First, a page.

Remember your passion for teaching
July 30, 2014 at 2:30 a.m.
Our teachers have one of the most difficult tasks we can possibly think of.
The job of a teacher is fluid, especially with the constant changes to what's now known as the State of Texas Assessments of Academic Readiness exam.
The test has not only changed names multiple times, but it has also become more difficult with each passing year.
We understand teachers have no choice but to follow a curriculum and teach toward the test, but we long for the days of true teaching.
The days where teachers were allowed to be creative and use their imaginations to help students not only develop critical thinking skills but also a passion for learning.
We need to go back to those days of passionate teaching and learning.
In recent weeks, we've reported how Crossroads' school districts are fairing compared to the state. It's ebb and flow. Some schools and subjects have noticed improvements while other areas still need further development.
And while we support education in every way, is over-testing the best way to get there?
Across the board, we've seen Crossroads' school districts study hard, and sometimes barely hit the state's marked measure of success.
It is not that Crossroads' school districts are not trying. We've reported time and time again how superintendents and their staff are implementing programs and putting in more study hours just to meet standards.
But what good is passing a test if you're only studying toward the test, possibly even memorizing material but never really soaking it in?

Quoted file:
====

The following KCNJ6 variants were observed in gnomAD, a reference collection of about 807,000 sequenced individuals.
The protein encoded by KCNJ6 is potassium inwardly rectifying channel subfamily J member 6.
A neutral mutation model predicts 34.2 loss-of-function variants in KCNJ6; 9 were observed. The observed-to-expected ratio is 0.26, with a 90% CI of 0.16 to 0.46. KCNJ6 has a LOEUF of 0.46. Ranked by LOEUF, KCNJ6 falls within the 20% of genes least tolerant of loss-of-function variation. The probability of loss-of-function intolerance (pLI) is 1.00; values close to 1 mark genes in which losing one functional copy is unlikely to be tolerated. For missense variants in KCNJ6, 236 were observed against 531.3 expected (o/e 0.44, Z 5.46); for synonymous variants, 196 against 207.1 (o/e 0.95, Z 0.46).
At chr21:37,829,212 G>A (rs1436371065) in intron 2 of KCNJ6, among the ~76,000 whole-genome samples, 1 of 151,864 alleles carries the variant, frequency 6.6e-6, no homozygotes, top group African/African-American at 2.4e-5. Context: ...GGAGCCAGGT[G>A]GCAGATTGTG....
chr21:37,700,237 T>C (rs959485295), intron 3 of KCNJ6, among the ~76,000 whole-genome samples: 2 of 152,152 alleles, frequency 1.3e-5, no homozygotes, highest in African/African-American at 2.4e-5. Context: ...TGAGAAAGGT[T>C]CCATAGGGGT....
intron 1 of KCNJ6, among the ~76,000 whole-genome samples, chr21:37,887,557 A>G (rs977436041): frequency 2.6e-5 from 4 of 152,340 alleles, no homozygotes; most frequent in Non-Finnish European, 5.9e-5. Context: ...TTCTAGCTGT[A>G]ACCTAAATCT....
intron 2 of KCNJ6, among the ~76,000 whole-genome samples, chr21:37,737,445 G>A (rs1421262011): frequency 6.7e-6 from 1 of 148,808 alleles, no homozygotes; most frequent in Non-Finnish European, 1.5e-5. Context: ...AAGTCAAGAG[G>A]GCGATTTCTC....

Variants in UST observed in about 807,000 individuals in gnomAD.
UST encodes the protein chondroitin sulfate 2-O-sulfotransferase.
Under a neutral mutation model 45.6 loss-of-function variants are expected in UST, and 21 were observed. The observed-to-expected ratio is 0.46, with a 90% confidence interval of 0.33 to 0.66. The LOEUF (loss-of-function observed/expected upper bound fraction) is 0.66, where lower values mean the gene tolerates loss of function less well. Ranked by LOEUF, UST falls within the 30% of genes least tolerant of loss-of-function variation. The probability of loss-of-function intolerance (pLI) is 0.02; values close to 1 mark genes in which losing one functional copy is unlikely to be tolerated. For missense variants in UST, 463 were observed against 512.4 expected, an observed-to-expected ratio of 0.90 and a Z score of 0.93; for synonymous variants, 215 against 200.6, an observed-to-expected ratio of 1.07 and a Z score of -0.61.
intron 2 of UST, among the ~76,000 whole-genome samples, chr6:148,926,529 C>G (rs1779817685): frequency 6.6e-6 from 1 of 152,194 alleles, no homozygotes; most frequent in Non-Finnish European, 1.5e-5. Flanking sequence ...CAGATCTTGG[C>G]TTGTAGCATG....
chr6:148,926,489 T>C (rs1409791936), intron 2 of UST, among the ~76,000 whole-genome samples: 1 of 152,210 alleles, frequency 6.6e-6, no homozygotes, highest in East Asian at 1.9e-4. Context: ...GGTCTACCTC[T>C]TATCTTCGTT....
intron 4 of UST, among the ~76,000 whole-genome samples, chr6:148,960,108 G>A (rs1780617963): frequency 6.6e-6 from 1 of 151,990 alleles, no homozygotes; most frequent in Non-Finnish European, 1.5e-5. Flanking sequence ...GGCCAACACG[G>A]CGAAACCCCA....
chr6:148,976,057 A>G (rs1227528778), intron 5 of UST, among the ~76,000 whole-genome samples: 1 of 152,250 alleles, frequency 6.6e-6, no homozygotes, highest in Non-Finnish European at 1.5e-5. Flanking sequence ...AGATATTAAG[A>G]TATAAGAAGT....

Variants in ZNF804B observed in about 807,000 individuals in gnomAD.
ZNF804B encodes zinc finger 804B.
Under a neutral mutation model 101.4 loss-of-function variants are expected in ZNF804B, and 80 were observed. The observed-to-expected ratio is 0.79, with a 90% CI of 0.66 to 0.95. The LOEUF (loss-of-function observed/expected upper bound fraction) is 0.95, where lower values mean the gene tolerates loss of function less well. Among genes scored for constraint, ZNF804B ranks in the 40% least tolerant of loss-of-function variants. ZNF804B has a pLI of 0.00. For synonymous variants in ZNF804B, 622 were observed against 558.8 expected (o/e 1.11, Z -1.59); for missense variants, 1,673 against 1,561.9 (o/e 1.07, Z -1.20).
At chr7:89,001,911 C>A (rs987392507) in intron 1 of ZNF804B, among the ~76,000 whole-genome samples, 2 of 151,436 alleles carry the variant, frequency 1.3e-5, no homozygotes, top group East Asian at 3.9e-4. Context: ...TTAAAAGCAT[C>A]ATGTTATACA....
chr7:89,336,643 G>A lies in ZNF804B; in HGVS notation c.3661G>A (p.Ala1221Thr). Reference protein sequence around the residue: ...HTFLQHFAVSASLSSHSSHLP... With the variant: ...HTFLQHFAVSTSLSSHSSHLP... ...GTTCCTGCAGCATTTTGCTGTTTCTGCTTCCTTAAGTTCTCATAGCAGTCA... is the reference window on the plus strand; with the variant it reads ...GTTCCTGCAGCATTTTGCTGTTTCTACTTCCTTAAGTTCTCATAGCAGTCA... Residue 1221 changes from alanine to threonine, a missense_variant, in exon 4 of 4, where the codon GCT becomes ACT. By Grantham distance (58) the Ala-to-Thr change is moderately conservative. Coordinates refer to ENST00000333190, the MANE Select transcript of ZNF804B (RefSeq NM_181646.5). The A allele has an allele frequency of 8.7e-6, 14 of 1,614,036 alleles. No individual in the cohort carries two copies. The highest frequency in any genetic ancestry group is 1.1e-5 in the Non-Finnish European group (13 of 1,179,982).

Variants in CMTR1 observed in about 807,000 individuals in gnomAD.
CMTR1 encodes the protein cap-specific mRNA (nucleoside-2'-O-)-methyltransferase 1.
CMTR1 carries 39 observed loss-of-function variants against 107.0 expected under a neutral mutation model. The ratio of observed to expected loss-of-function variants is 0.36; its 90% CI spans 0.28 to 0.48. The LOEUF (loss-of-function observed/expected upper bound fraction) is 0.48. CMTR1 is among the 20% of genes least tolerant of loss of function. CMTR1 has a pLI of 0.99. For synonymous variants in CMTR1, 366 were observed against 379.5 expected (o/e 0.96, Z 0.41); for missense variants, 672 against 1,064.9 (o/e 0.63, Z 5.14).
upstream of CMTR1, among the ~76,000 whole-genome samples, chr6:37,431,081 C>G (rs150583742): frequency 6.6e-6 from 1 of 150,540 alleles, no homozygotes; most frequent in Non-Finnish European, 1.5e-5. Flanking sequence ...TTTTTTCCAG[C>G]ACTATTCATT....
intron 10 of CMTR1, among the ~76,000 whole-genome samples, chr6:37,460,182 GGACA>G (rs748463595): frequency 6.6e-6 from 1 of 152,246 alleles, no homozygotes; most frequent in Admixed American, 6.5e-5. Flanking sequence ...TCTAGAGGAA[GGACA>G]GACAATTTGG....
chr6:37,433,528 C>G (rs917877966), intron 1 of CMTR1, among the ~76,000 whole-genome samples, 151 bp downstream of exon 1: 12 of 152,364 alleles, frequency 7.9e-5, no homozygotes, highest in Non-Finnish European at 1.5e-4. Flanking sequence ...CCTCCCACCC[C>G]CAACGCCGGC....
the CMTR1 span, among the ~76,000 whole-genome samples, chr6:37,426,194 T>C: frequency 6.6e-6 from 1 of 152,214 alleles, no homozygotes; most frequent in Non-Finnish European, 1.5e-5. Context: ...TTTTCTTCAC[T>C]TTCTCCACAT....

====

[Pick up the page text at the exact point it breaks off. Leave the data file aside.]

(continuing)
With weeks of never-ending STAAR preparation, not only do the students become burned out but so do our teachers.
These tests are rigorous and not only measure the success of the students but also are a reflection of a teacher's success.
Instead, we wish the state could reconsider how it handles its standardized testing.
We feel that by learning critical thinking or life skills, students can be better prepared to face the world. Not everything in life is a bubble-in, multiple-choice test.
Most of life's decisions come from understanding how to handle a situation and how to, again, critically think about how to provide viable solutions to said problem.
Again, we understand the state's school districts have their hands tied when it comes to testing. For now, we ask that our teachers keep the passion and remember the power and gift of education.
Keep on teaching.
This editorial reflects the views of the Victoria Advocate's editorial board.